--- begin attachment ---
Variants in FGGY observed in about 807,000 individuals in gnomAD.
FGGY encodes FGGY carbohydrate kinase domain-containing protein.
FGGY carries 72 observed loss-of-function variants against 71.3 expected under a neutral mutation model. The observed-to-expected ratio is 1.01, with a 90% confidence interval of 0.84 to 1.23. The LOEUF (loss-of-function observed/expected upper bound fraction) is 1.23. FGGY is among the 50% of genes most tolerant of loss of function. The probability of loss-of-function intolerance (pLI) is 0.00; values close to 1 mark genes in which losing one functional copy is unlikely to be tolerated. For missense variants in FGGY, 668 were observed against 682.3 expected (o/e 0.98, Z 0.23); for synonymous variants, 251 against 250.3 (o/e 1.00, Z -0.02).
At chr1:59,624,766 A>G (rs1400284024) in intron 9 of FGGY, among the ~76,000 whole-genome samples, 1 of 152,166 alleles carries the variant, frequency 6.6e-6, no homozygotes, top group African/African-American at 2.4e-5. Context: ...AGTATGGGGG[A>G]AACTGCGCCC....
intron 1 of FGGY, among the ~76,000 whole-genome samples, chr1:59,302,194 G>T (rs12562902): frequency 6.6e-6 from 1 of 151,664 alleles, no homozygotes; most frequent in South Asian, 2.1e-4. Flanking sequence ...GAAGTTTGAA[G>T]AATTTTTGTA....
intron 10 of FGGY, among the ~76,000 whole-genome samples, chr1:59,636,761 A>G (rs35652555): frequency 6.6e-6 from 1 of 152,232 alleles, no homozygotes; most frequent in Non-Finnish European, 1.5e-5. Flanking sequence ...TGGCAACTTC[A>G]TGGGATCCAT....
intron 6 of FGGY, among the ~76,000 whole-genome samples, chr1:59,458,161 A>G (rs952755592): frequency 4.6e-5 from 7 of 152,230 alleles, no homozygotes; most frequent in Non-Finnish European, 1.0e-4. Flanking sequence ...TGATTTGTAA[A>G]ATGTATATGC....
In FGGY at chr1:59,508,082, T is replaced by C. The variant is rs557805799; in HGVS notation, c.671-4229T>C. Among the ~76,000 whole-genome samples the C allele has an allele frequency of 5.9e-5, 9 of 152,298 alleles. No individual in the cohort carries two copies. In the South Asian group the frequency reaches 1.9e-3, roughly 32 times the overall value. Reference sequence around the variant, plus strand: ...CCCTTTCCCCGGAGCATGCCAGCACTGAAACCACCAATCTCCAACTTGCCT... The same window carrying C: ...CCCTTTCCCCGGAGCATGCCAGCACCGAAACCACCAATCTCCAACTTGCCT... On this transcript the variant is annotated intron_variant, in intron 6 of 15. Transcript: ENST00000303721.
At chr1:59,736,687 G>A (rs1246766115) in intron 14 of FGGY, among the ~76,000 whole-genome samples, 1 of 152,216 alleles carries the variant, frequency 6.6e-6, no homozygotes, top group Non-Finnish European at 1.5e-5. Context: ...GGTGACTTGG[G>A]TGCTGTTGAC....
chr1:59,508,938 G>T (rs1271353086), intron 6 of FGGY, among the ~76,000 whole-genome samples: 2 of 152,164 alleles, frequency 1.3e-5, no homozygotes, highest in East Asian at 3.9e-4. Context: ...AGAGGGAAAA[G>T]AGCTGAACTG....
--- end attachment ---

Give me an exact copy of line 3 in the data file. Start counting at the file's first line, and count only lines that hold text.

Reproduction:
FGGY carries 72 observed loss-of-function variants against 71.3 expected under a neutral mutation model. The observed-to-expected ratio is 1.01, with a 90% confidence interval of 0.84 to 1.23. The LOEUF (loss-of-function observed/expected upper bound fraction) is 1.23. FGGY is among the 50% of genes most tolerant of loss of function. The probability of loss-of-function intolerance (pLI) is 0.00; values close to 1 mark genes in which losing one functional copy is unlikely to be tolerated. For missense variants in FGGY, 668 were observed against 682.3 expected (o/e 0.98, Z 0.23); for synonymous variants, 251 against 250.3 (o/e 1.00, Z -0.02).